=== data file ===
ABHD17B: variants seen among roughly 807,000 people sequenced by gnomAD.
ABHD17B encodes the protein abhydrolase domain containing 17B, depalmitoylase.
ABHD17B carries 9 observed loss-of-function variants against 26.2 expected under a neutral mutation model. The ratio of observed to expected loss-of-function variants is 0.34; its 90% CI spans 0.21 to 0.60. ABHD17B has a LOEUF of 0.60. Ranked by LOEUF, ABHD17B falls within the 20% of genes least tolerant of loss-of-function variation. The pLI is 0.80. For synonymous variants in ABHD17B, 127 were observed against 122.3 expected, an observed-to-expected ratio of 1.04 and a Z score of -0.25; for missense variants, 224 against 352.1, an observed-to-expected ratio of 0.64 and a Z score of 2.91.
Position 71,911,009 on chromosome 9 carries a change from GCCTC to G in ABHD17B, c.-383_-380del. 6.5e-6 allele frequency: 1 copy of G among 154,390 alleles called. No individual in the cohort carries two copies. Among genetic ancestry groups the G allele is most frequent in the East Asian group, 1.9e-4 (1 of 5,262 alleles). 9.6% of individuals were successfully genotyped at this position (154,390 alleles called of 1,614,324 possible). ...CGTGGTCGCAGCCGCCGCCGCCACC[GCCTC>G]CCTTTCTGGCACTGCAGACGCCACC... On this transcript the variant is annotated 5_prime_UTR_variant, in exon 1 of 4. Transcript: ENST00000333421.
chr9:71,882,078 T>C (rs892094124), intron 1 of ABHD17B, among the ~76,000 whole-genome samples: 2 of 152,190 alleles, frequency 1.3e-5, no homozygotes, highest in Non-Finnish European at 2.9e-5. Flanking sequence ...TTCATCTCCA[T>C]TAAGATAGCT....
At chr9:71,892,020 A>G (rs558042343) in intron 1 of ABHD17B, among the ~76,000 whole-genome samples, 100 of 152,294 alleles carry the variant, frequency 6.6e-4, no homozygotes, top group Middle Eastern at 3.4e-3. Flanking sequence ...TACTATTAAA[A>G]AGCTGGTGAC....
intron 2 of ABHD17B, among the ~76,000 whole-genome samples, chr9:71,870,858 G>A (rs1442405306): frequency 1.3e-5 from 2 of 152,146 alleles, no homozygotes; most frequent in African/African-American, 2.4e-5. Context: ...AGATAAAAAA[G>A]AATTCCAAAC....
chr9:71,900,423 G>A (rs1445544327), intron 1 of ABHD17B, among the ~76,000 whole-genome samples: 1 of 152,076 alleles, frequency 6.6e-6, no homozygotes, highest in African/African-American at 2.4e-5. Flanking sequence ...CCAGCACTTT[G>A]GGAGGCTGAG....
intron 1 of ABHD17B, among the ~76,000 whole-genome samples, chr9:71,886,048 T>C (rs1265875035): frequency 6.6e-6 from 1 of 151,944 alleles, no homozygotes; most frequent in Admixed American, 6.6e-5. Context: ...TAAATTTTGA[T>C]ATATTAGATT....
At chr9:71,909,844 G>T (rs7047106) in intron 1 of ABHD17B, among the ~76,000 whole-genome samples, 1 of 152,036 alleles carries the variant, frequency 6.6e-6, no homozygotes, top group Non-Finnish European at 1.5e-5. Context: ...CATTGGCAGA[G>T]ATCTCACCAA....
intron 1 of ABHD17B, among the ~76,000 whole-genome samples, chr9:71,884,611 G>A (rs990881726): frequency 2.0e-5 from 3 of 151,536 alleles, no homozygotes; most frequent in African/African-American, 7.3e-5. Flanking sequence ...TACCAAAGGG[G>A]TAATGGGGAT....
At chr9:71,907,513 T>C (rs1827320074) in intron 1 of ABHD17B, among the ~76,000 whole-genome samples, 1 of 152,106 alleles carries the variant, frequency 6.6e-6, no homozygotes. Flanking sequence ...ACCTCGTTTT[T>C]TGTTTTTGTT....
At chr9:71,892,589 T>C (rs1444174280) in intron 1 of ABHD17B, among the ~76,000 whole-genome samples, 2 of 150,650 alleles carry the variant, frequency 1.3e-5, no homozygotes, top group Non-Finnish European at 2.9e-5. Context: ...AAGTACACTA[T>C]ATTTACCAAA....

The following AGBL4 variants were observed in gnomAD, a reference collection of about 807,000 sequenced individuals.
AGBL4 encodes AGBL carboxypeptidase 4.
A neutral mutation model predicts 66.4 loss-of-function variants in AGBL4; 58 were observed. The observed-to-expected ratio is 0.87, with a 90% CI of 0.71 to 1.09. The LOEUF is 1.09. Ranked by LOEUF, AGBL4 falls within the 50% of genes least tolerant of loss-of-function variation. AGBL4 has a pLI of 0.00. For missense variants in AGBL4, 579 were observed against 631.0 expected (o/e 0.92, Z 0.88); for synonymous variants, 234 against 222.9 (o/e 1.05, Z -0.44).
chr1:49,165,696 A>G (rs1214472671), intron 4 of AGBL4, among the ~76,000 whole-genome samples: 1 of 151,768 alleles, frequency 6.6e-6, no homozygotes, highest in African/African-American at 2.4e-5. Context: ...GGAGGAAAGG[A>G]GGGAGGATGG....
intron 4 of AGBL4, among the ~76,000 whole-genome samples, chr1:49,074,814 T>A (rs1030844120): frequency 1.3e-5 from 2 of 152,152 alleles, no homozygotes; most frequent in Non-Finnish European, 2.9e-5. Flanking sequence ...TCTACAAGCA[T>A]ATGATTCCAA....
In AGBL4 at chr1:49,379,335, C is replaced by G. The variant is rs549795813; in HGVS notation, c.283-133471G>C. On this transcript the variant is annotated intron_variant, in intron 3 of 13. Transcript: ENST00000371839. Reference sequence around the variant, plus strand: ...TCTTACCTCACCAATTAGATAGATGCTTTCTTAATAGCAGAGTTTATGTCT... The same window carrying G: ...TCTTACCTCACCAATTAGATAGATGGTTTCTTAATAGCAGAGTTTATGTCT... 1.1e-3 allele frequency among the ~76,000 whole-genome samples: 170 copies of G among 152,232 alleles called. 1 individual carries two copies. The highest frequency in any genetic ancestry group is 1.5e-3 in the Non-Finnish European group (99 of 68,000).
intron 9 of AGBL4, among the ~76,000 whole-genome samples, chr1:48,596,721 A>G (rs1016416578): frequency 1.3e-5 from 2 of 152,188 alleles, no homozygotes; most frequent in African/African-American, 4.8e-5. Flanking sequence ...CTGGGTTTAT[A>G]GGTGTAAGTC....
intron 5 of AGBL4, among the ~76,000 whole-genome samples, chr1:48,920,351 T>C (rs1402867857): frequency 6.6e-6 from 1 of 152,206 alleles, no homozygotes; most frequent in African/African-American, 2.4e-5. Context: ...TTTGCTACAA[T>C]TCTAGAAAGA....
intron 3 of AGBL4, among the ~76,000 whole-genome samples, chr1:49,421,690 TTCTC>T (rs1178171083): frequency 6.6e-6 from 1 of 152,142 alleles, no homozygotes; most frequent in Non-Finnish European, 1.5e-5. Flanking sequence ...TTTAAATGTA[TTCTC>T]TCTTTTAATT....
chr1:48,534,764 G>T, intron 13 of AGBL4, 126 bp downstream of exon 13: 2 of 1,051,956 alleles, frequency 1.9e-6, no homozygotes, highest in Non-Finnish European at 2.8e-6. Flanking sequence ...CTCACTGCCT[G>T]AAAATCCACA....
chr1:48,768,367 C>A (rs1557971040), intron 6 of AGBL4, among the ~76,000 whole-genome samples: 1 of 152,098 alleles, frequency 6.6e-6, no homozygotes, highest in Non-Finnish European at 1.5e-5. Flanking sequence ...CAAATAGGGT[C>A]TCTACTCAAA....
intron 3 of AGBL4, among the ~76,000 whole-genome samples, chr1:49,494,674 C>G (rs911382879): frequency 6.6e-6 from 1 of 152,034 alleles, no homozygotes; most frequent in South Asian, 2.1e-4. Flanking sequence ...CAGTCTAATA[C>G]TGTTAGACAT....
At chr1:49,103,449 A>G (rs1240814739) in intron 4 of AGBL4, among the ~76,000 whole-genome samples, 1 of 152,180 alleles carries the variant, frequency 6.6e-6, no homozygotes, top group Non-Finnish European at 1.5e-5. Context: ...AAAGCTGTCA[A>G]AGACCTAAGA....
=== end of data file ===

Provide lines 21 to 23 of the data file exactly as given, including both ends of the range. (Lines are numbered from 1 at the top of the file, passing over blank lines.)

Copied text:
intron 5 of AGBL4, among the ~76,000 whole-genome samples, chr1:48,920,351 T>C (rs1402867857): frequency 6.6e-6 from 1 of 152,206 alleles, no homozygotes; most frequent in African/African-American, 2.4e-5. Context: ...TTTGCTACAA[T>C]TCTAGAAAGA....
intron 3 of AGBL4, among the ~76,000 whole-genome samples, chr1:49,421,690 TTCTC>T (rs1178171083): frequency 6.6e-6 from 1 of 152,142 alleles, no homozygotes; most frequent in Non-Finnish European, 1.5e-5. Flanking sequence ...TTTAAATGTA[TTCTC>T]TCTTTTAATT....
chr1:48,534,764 G>T, intron 13 of AGBL4, 126 bp downstream of exon 13: 2 of 1,051,956 alleles, frequency 1.9e-6, no homozygotes, highest in Non-Finnish European at 2.8e-6. Flanking sequence ...CTCACTGCCT[G>T]AAAATCCACA....